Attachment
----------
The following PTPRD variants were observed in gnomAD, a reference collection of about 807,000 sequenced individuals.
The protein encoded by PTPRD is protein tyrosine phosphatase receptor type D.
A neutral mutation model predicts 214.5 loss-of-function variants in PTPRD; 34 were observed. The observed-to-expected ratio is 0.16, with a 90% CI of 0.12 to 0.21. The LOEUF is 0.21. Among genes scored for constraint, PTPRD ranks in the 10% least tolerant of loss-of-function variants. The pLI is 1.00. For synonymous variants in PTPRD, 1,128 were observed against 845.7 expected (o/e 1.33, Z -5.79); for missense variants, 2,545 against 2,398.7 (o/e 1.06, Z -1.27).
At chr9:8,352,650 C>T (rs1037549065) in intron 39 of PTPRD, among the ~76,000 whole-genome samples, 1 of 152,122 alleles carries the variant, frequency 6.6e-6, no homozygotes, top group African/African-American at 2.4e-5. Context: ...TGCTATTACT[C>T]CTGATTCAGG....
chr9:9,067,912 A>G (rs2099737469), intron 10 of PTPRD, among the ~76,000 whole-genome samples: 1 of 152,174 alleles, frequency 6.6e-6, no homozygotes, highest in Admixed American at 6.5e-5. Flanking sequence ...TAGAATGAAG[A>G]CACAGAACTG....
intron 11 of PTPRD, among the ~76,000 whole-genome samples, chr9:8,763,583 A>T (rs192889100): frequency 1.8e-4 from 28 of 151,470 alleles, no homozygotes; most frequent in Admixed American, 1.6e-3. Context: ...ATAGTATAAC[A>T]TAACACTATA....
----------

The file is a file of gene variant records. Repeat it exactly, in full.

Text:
The following PTPRD variants were observed in gnomAD, a reference collection of about 807,000 sequenced individuals.
The protein encoded by PTPRD is protein tyrosine phosphatase receptor type D.
A neutral mutation model predicts 214.5 loss-of-function variants in PTPRD; 34 were observed. The observed-to-expected ratio is 0.16, with a 90% CI of 0.12 to 0.21. The LOEUF is 0.21. Among genes scored for constraint, PTPRD ranks in the 10% least tolerant of loss-of-function variants. The pLI is 1.00. For synonymous variants in PTPRD, 1,128 were observed against 845.7 expected (o/e 1.33, Z -5.79); for missense variants, 2,545 against 2,398.7 (o/e 1.06, Z -1.27).
At chr9:8,352,650 C>T (rs1037549065) in intron 39 of PTPRD, among the ~76,000 whole-genome samples, 1 of 152,122 alleles carries the variant, frequency 6.6e-6, no homozygotes, top group African/African-American at 2.4e-5. Context: ...TGCTATTACT[C>T]CTGATTCAGG....
chr9:9,067,912 A>G (rs2099737469), intron 10 of PTPRD, among the ~76,000 whole-genome samples: 1 of 152,174 alleles, frequency 6.6e-6, no homozygotes, highest in Admixed American at 6.5e-5. Flanking sequence ...TAGAATGAAG[A>G]CACAGAACTG....
intron 11 of PTPRD, among the ~76,000 whole-genome samples, chr9:8,763,583 A>T (rs192889100): frequency 1.8e-4 from 28 of 151,470 alleles, no homozygotes; most frequent in Admixed American, 1.6e-3. Context: ...ATAGTATAAC[A>T]TAACACTATA....